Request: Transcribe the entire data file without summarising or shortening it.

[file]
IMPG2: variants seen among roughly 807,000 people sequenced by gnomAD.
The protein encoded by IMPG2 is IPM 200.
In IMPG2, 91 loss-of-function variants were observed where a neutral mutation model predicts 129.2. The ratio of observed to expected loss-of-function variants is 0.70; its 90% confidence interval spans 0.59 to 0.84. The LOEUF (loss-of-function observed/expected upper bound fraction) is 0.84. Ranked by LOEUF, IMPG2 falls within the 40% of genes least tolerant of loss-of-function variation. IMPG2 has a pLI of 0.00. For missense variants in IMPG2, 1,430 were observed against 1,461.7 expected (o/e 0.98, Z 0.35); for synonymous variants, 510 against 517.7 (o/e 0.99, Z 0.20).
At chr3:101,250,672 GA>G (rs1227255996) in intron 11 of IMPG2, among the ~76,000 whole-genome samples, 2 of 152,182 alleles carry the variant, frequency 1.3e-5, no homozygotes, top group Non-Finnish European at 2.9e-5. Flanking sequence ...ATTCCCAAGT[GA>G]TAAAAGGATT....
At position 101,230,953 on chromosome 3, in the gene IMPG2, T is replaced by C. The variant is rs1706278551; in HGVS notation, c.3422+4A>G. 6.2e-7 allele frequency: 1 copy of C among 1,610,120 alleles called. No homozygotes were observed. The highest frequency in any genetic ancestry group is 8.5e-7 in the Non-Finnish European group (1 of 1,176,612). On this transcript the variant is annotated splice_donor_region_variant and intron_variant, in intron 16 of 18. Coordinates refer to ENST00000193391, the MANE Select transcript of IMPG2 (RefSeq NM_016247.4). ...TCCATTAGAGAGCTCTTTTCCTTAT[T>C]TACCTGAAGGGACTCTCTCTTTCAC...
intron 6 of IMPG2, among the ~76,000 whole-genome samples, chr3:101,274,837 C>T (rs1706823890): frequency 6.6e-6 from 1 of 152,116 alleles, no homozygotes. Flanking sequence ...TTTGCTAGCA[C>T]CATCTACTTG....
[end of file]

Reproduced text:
IMPG2: variants seen among roughly 807,000 people sequenced by gnomAD.
The protein encoded by IMPG2 is IPM 200.
In IMPG2, 91 loss-of-function variants were observed where a neutral mutation model predicts 129.2. The ratio of observed to expected loss-of-function variants is 0.70; its 90% confidence interval spans 0.59 to 0.84. The LOEUF (loss-of-function observed/expected upper bound fraction) is 0.84. Ranked by LOEUF, IMPG2 falls within the 40% of genes least tolerant of loss-of-function variation. IMPG2 has a pLI of 0.00. For missense variants in IMPG2, 1,430 were observed against 1,461.7 expected (o/e 0.98, Z 0.35); for synonymous variants, 510 against 517.7 (o/e 0.99, Z 0.20).
At chr3:101,250,672 GA>G (rs1227255996) in intron 11 of IMPG2, among the ~76,000 whole-genome samples, 2 of 152,182 alleles carry the variant, frequency 1.3e-5, no homozygotes, top group Non-Finnish European at 2.9e-5. Flanking sequence ...ATTCCCAAGT[GA>G]TAAAAGGATT....
At position 101,230,953 on chromosome 3, in the gene IMPG2, T is replaced by C. The variant is rs1706278551; in HGVS notation, c.3422+4A>G. 6.2e-7 allele frequency: 1 copy of C among 1,610,120 alleles called. No homozygotes were observed. The highest frequency in any genetic ancestry group is 8.5e-7 in the Non-Finnish European group (1 of 1,176,612). On this transcript the variant is annotated splice_donor_region_variant and intron_variant, in intron 16 of 18. Coordinates refer to ENST00000193391, the MANE Select transcript of IMPG2 (RefSeq NM_016247.4). ...TCCATTAGAGAGCTCTTTTCCTTAT[T>C]TACCTGAAGGGACTCTCTCTTTCAC...
intron 6 of IMPG2, among the ~76,000 whole-genome samples, chr3:101,274,837 C>T (rs1706823890): frequency 6.6e-6 from 1 of 152,116 alleles, no homozygotes. Flanking sequence ...TTTGCTAGCA[C>T]CATCTACTTG....